A child is not fairly compensated for the loss of his parent whose fitness has been shown, unless he is compensated for loss of nurture, because the guidance of a parent in matters material, moral and spiritual is of definite practical and financial value and is subject to pecuniary estimate.
Evidence of the manner in which a seaman interacted with his child prior to his death may be adequate alone to support a beneficiary’s claim for loss of care, nurture and guidance under DOHSA. See Adventure Bound Sports 858 F. Supp. 1192 (S.D. GA 1994). A jury may place a value on these services, although the calculation is not subject to a mathematical certainty. See Kalas v. Carnival 2009 WL 901507 (S.D. Fl. 20090 [stating: “… the fact finder may use its own experiences and other fact witnesses at trial to determine if the deceased parent furnished training and guidance and what the value of those services is.”] Most courts hold that expert testimony to mathematically calculate and establish a precise figure for the value of the decedent’s care, nurture and guidance is unnecessary. In fact, attempts by experts to monetarily calculate the value of care, nurture and guidance services of a parent have had difficulty overcoming Daubert type motions to exclude their testimony. See Kalas.
To attempt to further support and quantify the value of the care, nurture and guidance services provided by a parent, evidence of the salaries of psychologists, teachers, and social workers has been held admissible. This evidence by analogy allows the trier of fact a means to a attempt to quantify the value of the deceased seaman’s care, nurture and guidance services to his child. See Adventure Bound Sports at 120; and Zilko v. Golden Alaska Seafoods, 123 Wash App. 1020 (2004).
Employers and ship owners argue that evidence that a seaman who works aboard ship for prolonged periods of time each year and is therefore absent from the home, limits a claim for care, nurture and guidance as the seaman is not present to deliver such services. See Decentro v. Gulf Fleet 798 F. 2d 138, 141-2, (5th Cir. 1986). These arguments are countered by the fact that we lead our children by example, and that includes teaching them the values and morals of being hard working, dependable and supporting one’s family. A book can’t teach such basic principles to a child. A parent, and only a parent, teaches this to their child by the examples they set, and that includes making sacrifices to support one’s family. A parent working two jobs to make financial ends meet for their family may get few precious hours with their child each day. However, by example, these hard-working parents are teaching and training their child in core family values. The same holds true for seamen who risk their lives at sea each day to support their families.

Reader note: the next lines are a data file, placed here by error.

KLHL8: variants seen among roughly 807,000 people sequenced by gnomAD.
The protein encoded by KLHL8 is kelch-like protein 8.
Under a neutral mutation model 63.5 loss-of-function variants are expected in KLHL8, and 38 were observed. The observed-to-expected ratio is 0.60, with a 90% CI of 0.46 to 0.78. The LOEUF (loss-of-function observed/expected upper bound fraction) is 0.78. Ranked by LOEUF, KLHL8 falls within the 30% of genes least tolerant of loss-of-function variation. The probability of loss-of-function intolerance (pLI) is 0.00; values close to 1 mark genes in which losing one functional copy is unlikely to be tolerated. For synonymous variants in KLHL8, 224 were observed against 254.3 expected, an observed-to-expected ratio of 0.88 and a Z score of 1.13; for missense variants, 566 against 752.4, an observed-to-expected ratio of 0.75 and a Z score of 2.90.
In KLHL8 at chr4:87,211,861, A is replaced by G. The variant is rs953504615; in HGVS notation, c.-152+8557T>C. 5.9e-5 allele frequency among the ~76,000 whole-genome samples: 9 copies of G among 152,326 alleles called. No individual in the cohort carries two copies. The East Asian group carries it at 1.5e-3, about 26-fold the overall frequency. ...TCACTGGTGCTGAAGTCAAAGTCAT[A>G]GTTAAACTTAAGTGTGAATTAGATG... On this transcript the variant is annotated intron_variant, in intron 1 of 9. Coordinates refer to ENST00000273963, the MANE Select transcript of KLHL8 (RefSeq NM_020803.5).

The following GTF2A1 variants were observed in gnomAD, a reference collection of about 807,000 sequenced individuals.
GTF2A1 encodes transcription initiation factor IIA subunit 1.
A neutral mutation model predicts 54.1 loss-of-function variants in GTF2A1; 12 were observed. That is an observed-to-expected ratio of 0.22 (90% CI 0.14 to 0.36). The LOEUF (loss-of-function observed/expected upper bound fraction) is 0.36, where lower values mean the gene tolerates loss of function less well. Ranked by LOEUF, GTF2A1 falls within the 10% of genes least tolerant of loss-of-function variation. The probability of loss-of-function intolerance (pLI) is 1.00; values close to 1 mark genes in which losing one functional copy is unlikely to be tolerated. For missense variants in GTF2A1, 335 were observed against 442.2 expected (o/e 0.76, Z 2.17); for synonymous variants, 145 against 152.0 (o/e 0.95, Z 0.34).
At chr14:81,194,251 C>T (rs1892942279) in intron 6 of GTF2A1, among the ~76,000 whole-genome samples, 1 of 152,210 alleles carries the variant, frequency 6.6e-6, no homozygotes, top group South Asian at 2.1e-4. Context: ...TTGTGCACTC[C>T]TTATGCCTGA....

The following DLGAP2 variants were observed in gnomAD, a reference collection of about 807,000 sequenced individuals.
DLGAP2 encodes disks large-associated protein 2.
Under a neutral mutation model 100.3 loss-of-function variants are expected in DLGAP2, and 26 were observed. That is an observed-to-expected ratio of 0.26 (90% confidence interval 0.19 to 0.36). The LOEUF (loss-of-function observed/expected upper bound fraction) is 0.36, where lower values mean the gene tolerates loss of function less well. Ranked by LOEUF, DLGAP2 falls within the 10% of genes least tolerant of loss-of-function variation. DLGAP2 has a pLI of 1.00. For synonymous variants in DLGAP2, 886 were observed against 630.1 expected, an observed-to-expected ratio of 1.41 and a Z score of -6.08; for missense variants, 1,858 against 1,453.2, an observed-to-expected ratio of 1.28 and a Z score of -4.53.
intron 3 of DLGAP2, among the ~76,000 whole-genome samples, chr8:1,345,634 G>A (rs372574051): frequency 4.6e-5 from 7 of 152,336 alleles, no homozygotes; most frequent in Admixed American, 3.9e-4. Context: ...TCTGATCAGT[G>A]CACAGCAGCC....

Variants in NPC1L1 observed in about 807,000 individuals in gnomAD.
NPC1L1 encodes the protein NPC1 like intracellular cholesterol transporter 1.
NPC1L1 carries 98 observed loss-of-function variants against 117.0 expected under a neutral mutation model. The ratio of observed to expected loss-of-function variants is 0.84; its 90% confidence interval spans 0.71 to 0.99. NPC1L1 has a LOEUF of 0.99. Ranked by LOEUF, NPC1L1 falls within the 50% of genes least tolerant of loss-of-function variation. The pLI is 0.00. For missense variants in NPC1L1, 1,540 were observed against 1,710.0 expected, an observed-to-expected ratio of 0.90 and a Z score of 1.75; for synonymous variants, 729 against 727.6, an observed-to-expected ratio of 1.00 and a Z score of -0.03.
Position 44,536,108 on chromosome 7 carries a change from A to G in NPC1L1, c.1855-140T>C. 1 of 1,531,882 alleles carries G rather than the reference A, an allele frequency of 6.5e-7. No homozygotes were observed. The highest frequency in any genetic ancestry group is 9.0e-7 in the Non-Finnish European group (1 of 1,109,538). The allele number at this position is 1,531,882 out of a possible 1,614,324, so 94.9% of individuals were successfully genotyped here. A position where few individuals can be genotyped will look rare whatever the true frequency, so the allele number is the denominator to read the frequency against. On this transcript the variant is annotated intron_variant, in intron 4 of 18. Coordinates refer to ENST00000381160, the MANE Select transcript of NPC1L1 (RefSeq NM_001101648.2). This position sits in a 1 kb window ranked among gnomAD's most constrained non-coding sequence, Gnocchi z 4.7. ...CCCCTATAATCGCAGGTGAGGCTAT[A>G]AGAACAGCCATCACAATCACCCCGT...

Courts have not hesitated to define the nature of services performed by parents for their children which constitute recoverable damages for loss of a parent’s care, nurture and guidance. The Fifth Circuit Court of Appeals in Solomon v. Warren, 540 F. 2d 777,789, (1976) stated:
The intellectual, moral, and physical training which a child receives from a careful and competent parent during the formative years of its minority should result in preparing the child to make a life and living on its own.
Although there are few recent reported cases involving verdicts for care, nurture and guidance in maritime cases, the modern trend appears to be towards increasing compensation for this element of damages. In addition to a child‘s compensation for the loss of his parent’s care, nurture and guidance, a child is also entitled to compensation for loss of his deceased parent’s services. See Sea-Land Services v. Gaudet, 414 U.S. 573, 584-85 (1973). In drafting jury instructions, special caution needs to be given to distinguish between care, nurture and guidance damages and loss of services damages to avoid potential problems with double damages.
There appears to be a gradual expansion of the care nurture and guidance remedy. The Second Circuit Court of Appeals in Mckee v. Colet Electronics, 849 F. 2d 46 (1988), held that adult children were not precluded from recovering care, nurture and guidance damages. Mckee at 52 recognized “the realities of an increasingly complex society where children rely more heavily and for a greater number of years on the guidance of their parents. In another District Court case, an award for spousal care, nurture and guidance was made. See Brantaus v. Odette Therese Fishing Co, 5. F3d 535 (1993). These cases expanding the remedies appear to emphasize the nature of the pecuniary damage suffered by the adult child or spouse and that, given specific factual patterns, an award may be made for care, nurture and guidance to spouses and adult children. There is no specific formula in the DOHSA act which limits care, nurture and guidance damages to any one class of beneficiaries. In this modern age, it is only a matter of time before the case arises where an aged parent receives compensation for the moral support and care lost as the result of a loving child’s death on the high seas.
Contact The Pacific’s Premier DOHSA Attorneys Today
To learn more about a child or spouse’s claim for loss of care, nurture and guidance damages, contact Beard and his partners at Trueb & Beard, LLC, by calling 425-403-1900 or sending a message online. There is no charge for an initial consultation. We represent clients on a contingency fee basis; no fees are charged until a recovery has been made.